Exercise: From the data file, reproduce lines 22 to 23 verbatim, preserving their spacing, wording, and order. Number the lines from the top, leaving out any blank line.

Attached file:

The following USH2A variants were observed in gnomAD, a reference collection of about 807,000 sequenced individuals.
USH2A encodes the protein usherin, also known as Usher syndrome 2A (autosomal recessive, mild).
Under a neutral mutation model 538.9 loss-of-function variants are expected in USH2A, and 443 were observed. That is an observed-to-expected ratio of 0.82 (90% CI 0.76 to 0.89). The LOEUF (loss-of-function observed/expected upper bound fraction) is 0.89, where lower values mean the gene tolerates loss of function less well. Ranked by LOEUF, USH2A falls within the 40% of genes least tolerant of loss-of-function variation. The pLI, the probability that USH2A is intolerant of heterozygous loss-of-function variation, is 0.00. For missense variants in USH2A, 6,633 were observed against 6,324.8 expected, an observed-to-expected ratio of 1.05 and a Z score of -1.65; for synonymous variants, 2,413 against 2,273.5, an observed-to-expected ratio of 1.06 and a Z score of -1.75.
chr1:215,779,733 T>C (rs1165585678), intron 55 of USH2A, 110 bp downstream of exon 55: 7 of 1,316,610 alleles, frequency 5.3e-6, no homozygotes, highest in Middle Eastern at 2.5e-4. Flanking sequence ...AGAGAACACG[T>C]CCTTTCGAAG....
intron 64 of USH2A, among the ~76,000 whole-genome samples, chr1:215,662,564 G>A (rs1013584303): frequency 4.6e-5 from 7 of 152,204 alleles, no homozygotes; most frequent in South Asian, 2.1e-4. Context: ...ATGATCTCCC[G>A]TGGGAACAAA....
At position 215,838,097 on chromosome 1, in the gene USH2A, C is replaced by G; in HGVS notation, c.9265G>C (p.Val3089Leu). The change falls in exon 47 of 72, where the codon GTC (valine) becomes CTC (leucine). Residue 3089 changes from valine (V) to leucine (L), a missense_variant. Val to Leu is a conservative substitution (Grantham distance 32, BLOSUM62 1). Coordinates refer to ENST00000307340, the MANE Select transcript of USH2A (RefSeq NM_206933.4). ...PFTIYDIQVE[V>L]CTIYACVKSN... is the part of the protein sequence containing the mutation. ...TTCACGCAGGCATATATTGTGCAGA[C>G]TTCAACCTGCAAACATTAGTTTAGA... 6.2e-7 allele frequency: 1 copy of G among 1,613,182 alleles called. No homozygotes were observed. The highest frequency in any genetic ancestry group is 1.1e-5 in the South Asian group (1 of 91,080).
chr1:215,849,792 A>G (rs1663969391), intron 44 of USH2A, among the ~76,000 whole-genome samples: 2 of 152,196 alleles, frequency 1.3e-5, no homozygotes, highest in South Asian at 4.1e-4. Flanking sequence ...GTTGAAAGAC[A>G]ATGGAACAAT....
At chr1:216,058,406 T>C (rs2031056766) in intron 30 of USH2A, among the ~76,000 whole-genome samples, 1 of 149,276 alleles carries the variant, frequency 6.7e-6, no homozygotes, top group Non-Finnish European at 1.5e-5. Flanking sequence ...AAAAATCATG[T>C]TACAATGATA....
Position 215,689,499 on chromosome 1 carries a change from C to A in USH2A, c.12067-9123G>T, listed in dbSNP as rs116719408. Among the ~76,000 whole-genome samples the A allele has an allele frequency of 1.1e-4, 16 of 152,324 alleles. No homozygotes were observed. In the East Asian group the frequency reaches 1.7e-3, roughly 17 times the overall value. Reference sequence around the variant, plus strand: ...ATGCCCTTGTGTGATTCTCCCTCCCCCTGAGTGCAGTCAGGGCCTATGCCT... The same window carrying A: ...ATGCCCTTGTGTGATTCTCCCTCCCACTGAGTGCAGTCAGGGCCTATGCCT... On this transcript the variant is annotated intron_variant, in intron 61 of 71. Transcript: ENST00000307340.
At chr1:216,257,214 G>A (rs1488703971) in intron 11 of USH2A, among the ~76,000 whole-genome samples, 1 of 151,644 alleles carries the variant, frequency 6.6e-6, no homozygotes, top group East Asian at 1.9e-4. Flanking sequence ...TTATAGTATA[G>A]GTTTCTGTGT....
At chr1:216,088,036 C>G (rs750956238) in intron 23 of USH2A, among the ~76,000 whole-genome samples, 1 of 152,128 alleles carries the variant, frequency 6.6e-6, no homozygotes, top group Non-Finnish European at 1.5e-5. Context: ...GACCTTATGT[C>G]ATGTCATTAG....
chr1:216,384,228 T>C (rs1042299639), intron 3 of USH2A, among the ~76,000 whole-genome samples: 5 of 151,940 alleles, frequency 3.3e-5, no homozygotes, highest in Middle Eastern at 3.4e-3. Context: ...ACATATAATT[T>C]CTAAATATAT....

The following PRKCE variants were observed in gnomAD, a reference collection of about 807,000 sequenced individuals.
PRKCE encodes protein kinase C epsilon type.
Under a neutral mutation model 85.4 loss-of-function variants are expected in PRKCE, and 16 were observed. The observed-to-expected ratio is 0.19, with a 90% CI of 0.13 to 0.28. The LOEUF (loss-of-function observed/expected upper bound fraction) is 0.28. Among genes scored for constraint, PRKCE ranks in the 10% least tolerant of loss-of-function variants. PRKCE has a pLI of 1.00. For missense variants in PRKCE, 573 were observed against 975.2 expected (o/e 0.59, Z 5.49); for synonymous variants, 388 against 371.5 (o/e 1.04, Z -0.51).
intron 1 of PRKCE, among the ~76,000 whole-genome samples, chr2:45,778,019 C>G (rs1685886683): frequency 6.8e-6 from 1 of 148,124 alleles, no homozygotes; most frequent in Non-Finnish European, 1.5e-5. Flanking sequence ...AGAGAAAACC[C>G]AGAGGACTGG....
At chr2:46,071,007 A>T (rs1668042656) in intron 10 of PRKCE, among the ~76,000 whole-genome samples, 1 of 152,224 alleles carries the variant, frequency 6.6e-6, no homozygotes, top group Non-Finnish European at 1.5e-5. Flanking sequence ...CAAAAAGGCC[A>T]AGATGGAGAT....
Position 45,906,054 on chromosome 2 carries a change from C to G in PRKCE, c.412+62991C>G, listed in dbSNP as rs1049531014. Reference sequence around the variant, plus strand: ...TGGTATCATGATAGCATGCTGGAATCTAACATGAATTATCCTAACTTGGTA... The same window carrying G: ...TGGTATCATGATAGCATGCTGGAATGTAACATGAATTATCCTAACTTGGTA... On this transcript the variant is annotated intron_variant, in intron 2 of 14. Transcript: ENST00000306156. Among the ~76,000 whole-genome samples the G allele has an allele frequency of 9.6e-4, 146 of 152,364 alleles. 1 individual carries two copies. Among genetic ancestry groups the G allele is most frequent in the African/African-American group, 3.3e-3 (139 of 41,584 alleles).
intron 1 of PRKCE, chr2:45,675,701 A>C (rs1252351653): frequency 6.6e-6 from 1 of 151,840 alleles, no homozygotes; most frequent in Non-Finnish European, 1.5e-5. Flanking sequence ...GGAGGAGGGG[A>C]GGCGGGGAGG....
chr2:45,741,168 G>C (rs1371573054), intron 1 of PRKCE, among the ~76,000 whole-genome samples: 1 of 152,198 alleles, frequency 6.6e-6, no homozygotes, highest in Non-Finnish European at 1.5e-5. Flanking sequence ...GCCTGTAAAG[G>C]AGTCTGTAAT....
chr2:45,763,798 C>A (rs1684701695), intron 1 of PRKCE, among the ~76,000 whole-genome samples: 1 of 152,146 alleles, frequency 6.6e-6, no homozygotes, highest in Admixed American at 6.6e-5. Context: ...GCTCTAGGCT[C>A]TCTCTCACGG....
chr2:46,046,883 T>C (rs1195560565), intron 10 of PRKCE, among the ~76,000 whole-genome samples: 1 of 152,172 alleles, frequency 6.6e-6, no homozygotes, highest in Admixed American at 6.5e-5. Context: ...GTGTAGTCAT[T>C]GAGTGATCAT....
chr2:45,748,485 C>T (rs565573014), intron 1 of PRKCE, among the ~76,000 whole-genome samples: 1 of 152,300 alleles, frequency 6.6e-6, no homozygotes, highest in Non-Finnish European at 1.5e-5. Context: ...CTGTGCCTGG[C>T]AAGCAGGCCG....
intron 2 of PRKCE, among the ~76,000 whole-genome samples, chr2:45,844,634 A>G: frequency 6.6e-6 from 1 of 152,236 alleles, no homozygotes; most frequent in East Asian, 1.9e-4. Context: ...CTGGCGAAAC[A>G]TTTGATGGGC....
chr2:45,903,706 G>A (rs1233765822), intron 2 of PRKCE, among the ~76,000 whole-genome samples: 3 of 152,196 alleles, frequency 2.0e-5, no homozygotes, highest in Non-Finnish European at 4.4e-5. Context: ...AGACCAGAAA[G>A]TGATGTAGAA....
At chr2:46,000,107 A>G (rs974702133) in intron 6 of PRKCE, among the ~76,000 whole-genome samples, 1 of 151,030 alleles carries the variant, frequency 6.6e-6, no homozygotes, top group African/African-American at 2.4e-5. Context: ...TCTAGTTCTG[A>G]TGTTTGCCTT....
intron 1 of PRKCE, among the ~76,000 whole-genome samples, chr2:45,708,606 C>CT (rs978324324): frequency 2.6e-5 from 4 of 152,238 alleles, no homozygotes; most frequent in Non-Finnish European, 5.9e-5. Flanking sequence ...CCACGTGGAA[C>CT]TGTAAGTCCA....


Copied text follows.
chr2:46,046,883 T>C (rs1195560565), intron 10 of PRKCE, among the ~76,000 whole-genome samples: 1 of 152,172 alleles, frequency 6.6e-6, no homozygotes, highest in Admixed American at 6.5e-5. Context: ...GTGTAGTCAT[T>C]GAGTGATCAT....
chr2:45,748,485 C>T (rs565573014), intron 1 of PRKCE, among the ~76,000 whole-genome samples: 1 of 152,300 alleles, frequency 6.6e-6, no homozygotes, highest in Non-Finnish European at 1.5e-5. Context: ...CTGTGCCTGG[C>T]AAGCAGGCCG....